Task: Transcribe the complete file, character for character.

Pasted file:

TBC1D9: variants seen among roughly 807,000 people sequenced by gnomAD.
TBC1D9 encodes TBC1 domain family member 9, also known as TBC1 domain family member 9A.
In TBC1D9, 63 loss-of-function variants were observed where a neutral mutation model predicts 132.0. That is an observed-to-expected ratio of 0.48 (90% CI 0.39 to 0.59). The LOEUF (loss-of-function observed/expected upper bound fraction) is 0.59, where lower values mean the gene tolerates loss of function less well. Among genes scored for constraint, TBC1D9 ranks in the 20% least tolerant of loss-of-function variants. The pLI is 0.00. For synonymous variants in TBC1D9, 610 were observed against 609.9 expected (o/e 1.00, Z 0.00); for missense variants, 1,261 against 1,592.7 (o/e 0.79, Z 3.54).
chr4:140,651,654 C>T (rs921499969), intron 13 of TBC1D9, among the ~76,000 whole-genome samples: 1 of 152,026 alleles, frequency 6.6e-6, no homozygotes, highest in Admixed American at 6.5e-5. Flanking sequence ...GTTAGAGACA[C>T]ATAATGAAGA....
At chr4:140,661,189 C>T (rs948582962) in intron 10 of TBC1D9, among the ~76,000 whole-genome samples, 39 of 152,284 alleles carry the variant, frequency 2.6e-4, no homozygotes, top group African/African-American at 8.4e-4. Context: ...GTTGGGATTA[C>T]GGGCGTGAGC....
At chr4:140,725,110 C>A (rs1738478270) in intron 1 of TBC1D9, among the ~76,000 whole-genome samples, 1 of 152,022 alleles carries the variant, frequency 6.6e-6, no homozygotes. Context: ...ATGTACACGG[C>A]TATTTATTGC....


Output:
TBC1D9: variants seen among roughly 807,000 people sequenced by gnomAD.
TBC1D9 encodes TBC1 domain family member 9, also known as TBC1 domain family member 9A.
In TBC1D9, 63 loss-of-function variants were observed where a neutral mutation model predicts 132.0. That is an observed-to-expected ratio of 0.48 (90% CI 0.39 to 0.59). The LOEUF (loss-of-function observed/expected upper bound fraction) is 0.59, where lower values mean the gene tolerates loss of function less well. Among genes scored for constraint, TBC1D9 ranks in the 20% least tolerant of loss-of-function variants. The pLI is 0.00. For synonymous variants in TBC1D9, 610 were observed against 609.9 expected (o/e 1.00, Z 0.00); for missense variants, 1,261 against 1,592.7 (o/e 0.79, Z 3.54).
chr4:140,651,654 C>T (rs921499969), intron 13 of TBC1D9, among the ~76,000 whole-genome samples: 1 of 152,026 alleles, frequency 6.6e-6, no homozygotes, highest in Admixed American at 6.5e-5. Flanking sequence ...GTTAGAGACA[C>T]ATAATGAAGA....
At chr4:140,661,189 C>T (rs948582962) in intron 10 of TBC1D9, among the ~76,000 whole-genome samples, 39 of 152,284 alleles carry the variant, frequency 2.6e-4, no homozygotes, top group African/African-American at 8.4e-4. Context: ...GTTGGGATTA[C>T]GGGCGTGAGC....
At chr4:140,725,110 C>A (rs1738478270) in intron 1 of TBC1D9, among the ~76,000 whole-genome samples, 1 of 152,022 alleles carries the variant, frequency 6.6e-6, no homozygotes. Context: ...ATGTACACGG[C>A]TATTTATTGC....